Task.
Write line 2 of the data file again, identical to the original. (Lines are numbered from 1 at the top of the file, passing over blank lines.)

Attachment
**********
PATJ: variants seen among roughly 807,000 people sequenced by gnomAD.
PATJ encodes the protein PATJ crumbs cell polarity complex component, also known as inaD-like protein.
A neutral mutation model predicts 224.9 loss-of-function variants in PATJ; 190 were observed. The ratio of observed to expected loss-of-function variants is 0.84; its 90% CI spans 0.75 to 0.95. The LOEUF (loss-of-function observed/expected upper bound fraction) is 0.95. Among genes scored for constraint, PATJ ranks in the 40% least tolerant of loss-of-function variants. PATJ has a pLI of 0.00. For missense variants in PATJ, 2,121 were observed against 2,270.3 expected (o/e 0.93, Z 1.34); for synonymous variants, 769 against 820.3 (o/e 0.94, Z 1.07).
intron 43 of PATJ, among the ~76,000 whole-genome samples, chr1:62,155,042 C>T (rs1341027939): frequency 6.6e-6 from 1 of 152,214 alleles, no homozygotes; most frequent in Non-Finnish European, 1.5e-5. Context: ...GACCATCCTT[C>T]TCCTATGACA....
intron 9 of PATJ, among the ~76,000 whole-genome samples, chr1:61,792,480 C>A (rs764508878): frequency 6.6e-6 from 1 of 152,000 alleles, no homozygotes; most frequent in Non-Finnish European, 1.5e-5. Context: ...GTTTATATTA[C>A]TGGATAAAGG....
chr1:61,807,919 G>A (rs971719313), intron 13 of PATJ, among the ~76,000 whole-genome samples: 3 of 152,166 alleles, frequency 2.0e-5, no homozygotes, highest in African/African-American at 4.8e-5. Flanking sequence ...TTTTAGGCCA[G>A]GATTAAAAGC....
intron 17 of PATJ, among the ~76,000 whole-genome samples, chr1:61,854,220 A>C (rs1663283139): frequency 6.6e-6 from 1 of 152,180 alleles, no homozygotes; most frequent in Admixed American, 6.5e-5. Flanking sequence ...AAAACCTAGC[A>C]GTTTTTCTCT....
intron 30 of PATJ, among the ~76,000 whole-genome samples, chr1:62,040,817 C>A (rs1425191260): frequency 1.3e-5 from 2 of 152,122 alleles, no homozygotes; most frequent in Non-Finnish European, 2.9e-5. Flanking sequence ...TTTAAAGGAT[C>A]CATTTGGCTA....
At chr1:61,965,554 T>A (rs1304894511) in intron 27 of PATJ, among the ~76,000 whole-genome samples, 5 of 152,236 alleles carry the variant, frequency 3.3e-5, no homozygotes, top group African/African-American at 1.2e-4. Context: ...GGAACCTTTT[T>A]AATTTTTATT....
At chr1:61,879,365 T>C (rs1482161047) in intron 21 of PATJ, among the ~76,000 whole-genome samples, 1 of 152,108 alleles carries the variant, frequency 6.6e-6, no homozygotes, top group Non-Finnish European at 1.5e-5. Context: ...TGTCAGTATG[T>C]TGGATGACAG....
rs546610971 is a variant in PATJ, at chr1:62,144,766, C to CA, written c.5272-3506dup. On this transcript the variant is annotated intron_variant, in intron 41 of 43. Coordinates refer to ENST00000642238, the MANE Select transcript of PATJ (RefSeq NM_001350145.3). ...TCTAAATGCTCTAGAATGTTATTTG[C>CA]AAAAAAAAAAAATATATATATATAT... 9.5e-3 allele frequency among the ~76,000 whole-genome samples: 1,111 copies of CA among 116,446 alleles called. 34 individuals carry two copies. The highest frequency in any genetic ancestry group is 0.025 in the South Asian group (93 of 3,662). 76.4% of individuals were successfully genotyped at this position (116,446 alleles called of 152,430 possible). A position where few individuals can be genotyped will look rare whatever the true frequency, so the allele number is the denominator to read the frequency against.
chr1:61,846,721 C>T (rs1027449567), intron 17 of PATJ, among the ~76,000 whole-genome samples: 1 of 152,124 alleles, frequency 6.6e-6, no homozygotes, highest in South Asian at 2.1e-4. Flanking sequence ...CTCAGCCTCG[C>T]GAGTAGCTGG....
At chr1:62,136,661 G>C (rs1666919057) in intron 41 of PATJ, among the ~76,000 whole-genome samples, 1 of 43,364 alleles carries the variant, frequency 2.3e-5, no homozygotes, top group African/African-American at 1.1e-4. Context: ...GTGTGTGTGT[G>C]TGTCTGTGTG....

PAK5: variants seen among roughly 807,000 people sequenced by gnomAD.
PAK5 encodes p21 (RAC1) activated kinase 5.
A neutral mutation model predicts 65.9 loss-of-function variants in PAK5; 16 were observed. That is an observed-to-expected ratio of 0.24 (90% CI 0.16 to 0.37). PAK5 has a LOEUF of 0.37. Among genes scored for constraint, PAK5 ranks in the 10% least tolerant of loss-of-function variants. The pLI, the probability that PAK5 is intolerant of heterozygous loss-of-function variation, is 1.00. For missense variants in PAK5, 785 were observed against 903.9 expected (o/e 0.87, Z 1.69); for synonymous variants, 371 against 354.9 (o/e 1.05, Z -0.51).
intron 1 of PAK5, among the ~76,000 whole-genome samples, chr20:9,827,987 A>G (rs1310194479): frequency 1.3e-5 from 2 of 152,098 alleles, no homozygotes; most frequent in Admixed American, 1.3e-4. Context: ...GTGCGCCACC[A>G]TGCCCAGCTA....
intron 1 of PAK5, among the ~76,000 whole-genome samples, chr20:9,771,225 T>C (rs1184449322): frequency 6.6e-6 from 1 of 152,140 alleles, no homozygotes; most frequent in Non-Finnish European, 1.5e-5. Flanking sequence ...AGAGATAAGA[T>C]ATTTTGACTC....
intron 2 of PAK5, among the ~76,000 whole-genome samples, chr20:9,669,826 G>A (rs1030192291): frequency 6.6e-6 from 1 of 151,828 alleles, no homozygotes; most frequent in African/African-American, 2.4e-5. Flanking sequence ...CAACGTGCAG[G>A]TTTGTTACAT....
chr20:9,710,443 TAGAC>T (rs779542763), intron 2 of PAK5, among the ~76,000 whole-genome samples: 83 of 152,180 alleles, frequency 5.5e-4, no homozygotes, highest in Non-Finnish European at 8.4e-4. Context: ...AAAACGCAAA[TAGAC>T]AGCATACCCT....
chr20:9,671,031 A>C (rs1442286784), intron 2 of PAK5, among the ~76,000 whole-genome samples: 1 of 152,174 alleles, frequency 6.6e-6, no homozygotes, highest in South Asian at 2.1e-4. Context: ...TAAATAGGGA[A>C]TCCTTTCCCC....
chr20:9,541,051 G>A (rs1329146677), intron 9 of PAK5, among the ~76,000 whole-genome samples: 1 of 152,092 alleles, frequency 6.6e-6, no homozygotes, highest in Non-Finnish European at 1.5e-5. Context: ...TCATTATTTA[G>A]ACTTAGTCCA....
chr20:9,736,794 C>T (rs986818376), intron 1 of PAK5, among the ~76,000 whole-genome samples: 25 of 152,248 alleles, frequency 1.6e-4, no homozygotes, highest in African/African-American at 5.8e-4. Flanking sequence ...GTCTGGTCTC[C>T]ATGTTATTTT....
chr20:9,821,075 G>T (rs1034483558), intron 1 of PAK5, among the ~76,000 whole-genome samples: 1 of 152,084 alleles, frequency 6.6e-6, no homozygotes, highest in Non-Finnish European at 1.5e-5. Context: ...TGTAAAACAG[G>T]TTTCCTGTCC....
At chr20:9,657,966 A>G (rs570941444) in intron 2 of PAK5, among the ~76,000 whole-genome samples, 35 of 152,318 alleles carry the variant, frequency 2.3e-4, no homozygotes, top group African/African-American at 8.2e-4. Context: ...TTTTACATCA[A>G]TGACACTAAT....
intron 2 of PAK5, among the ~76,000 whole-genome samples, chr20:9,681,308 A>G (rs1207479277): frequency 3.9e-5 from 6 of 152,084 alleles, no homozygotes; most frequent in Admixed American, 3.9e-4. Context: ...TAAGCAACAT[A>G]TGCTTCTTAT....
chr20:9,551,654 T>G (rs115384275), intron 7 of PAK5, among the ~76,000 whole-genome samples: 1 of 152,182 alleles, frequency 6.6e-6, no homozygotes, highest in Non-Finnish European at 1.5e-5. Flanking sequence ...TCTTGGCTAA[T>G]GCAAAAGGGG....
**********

PATJ encodes the protein PATJ crumbs cell polarity complex component, also known as inaD-like protein.